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News@Ivey · Cam Buchan

Meet Valen Boyd, Ivey PhD student

Aug 25, 2020

Valen Boyd

Valen Boyd

Ivey’s PhD Program in Business Administration is a full-time research-based program designed to develop scholars and to place graduates at high-quality research universities around the world. Our PhD candidates are showcased at conferences around the world, and regularly featured in top-tier academic and industry publications.

To help you get to know them, we’ve asked them about their academic and personal interests.

Get to know: Valen Boyd, PhD student

With an MBA from Lazaridis School at Wilfrid Laurier University, a BA from Queen’s University, and experience as an Associate Director at BDC Capital and an early employee at a startup, Valen Boyd comes to Ivey’s PhD Program with a keen interest in the challenges faced by entrepreneurs, particularly female entrepreneurs.

She also knows a thing or two about James Taylor, classic board games, and backpacking through South America and Europe. Read more about this first-year PhD student and her interests in this Q&A interview.

Q&A with Valen Boyd

What attracted you to Ivey’s program?

I was drawn to Ivey because of its reputation as a world-class business school and research institution. I spoke to several faculty members at Ivey and learned that there was a lot of overlap between their expertise and my research interests. The faculty were all very warm and welcoming. I knew I would get a lot of support here and develop into a productive researcher.

What is your research focus?

I am in the first year of the PhD program, studying entrepreneurship. Broadly, I’m interested in female entrepreneurship, managing high-growth firms, and B Corps (organizations that balance purpose and profit).

Why is that area appealing to you? What big problems/issues need to be addressed?

My research interests are informed by my professional experience working in the entrepreneurship and innovation space. After earning my MBA at the Lazaridis School of Business, I was an Associate Director at BDC Capital, the investment arm of the Business Development Bank of Canada (BDC). In my time at BDC, I witnessed the many challenges of scaling a business. For example, many female entrepreneurs told me about the unique barriers they faced when raising venture capital. This is a well-documented issue that is being addressed by scholars, government, and practitioners. I am fascinated by the academic literature on this topic, and this was a main driver in my choice to pursue a PhD.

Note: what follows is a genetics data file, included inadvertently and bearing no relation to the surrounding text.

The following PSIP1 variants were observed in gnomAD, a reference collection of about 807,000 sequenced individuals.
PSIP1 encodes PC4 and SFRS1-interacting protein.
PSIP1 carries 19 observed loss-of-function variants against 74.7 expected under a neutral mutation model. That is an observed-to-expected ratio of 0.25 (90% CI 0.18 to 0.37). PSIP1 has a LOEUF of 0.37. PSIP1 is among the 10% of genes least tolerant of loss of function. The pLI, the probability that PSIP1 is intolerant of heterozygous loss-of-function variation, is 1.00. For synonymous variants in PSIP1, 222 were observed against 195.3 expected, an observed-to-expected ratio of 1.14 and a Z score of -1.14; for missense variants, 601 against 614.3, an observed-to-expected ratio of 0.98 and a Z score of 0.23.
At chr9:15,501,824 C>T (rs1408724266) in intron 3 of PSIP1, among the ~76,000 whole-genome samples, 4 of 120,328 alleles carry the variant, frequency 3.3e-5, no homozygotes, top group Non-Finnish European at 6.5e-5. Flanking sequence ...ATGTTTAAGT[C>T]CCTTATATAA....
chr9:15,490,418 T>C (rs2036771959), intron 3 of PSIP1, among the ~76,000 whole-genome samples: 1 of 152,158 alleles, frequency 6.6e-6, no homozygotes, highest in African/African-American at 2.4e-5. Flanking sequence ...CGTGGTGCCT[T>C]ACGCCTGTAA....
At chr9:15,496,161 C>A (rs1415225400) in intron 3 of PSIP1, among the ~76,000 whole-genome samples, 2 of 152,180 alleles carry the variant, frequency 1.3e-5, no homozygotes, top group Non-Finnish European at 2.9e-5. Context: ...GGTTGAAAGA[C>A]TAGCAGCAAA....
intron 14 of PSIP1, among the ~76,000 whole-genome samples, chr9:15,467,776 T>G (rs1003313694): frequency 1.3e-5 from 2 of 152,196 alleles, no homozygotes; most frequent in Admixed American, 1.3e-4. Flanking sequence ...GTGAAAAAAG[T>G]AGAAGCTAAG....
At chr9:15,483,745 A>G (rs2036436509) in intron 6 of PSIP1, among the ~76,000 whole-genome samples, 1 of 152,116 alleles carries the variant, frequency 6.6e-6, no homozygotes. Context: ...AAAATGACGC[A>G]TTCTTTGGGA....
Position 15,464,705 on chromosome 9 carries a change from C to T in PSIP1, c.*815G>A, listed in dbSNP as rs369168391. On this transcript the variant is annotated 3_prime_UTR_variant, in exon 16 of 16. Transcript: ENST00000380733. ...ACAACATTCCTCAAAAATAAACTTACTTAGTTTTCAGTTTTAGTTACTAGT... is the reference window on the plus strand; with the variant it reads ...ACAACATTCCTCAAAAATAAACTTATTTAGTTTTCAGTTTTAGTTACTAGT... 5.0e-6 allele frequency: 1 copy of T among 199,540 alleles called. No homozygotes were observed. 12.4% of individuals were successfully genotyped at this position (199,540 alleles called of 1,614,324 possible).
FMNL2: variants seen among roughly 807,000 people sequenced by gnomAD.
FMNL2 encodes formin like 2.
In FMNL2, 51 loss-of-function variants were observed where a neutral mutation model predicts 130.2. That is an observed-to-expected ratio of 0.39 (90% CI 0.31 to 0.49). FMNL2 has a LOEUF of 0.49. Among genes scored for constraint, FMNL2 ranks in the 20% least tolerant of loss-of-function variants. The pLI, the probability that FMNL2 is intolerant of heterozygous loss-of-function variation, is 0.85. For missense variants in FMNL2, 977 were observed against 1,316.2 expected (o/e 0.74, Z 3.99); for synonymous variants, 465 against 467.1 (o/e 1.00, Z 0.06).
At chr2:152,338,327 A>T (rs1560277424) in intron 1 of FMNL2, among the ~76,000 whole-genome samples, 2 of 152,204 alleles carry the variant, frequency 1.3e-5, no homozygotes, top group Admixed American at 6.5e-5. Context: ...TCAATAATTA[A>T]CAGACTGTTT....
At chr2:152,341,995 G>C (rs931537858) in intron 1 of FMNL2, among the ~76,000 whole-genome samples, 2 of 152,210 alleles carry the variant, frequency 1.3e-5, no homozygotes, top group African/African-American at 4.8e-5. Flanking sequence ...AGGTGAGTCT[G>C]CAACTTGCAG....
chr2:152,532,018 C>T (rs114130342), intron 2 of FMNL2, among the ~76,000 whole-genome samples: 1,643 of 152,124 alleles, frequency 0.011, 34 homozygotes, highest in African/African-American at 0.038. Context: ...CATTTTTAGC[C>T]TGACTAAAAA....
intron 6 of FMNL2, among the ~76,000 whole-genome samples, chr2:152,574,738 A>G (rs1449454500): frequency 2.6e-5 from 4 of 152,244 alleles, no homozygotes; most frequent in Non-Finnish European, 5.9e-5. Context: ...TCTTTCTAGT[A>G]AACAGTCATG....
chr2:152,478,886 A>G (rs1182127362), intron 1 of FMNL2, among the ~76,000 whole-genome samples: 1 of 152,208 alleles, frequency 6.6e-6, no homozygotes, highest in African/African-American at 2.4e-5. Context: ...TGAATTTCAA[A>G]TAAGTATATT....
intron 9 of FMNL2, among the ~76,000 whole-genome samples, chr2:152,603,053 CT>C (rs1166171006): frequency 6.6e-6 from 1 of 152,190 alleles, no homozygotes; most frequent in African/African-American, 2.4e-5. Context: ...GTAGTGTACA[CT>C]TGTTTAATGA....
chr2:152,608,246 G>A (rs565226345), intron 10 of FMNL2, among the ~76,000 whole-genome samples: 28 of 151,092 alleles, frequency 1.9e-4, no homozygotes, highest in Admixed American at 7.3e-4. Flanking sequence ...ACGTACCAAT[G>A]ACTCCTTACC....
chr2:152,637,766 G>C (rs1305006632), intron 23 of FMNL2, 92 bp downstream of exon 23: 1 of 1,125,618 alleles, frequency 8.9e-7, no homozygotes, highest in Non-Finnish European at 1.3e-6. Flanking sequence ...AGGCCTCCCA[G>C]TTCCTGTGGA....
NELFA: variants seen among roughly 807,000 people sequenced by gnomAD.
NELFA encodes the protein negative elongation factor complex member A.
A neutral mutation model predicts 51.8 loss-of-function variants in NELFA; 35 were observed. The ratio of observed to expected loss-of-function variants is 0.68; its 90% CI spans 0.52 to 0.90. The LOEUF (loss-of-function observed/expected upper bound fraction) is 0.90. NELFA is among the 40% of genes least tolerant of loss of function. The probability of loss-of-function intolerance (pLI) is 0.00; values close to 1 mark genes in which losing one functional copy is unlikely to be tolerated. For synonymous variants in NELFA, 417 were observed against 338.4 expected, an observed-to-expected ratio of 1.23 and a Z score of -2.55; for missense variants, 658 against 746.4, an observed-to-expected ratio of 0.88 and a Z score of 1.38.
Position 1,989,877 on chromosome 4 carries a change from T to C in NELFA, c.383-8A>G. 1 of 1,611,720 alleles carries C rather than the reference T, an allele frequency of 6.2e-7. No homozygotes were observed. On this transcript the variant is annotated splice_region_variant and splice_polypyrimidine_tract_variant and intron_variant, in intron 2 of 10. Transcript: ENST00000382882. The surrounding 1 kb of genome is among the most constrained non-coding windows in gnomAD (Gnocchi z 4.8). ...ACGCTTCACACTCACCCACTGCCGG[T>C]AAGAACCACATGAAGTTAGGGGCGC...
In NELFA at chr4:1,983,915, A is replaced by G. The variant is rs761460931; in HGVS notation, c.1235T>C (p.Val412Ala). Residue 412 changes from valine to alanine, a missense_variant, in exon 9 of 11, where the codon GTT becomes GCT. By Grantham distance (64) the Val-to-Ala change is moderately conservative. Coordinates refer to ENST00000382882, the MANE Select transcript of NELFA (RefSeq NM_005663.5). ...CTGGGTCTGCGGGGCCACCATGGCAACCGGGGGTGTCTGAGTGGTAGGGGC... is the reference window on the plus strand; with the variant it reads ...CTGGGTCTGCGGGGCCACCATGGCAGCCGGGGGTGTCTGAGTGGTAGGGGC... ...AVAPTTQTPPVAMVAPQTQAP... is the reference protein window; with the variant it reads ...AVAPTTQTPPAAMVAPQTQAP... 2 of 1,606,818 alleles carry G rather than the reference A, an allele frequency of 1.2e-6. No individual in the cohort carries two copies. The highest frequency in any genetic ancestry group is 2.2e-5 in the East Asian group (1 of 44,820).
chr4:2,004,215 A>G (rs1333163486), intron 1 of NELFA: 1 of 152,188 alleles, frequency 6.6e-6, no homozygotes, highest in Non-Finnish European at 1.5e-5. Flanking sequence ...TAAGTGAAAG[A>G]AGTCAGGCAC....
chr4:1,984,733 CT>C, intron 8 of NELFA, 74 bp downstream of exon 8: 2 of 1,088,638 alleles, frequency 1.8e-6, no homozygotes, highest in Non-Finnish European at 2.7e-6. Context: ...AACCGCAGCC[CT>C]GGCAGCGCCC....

How do you see your research making an impact?

I am still at the beginning of my doctoral studies and hope my research will add to the academic literature and help inform policy decisions regarding female-led small- and medium-sized enterprises.

How do you see research as an aid to business improvement?

Research can provide a feedback loop to practitioners. When I was in industry, I didn’t know many professionals who read entire academic papers, but I did know quite a few who read research briefs and who were interested in using research findings to inform their decision-making. That’s why I think knowledge mobilization efforts are so crucial.   

What previous experience prepared you for this?

Prior to my role at BDC, I was the fourth employee at Teach Away Inc., a high-growth startup that was listed in Profit Magazine as the third fastest-growing Canadian company in 2010. Spending close to 10 years in the entrepreneurship space as both a startup employee and a financer, I got an inside look into growing and managing high-growth businesses, the challenges entrepreneurs encounter, and different business models.

Where did you grow up and what was it like there?

I grew up in Toronto. It is such a dynamic city. There are so many different neighbourhoods, and each has its own flavour. It’s like dozens of little unique cities rolled up in one.

Who have been your strongest influences in life?

These days, my biggest inspiration is my son. Pursuing a PhD has been a long-time goal of mine, but it wasn’t an easy decision to leave my corporate career in my 30s. I decided to pursue it because I wanted to show my son that it is never too late to follow your heart, and that you should do things that are important to you even when they are scary.

What do you like to do outside of the PhD program?

I like to hike and to read. I also love board games, especially the classics like Boggle.

What might someone be surprised to know about you?

After undergrad, I wanted to take some time off to see some of the world before starting my career. I planned to be abroad for less than a year, but I ended up teaching English in Japan and Korea for 18 months before embarking on a solo-backpacking trip through South America and Europe.

What is the most played song on your playlist as of now?

Fire and Rain by James Taylor.

What is your best podcast recommendation?

How I Built This With Guy Raz is a great one, especially if you are interested in startups.

What book would you recommend to others? Why?

I recently read Shoe Dog: A Memoir by the Creator of Nike, by Phil Knight, and I loved it. I love biographies and business books. Shoe Dog is the best of both.

What tips have you learned for staying connected in an online learning environment?

Take time to connect with your peers individually. One thing about online learning is you don’t get the opportunity to chat with your fellow students before or after class. In an online learning environment, you must create the collisions that naturally happen in an in-person environment.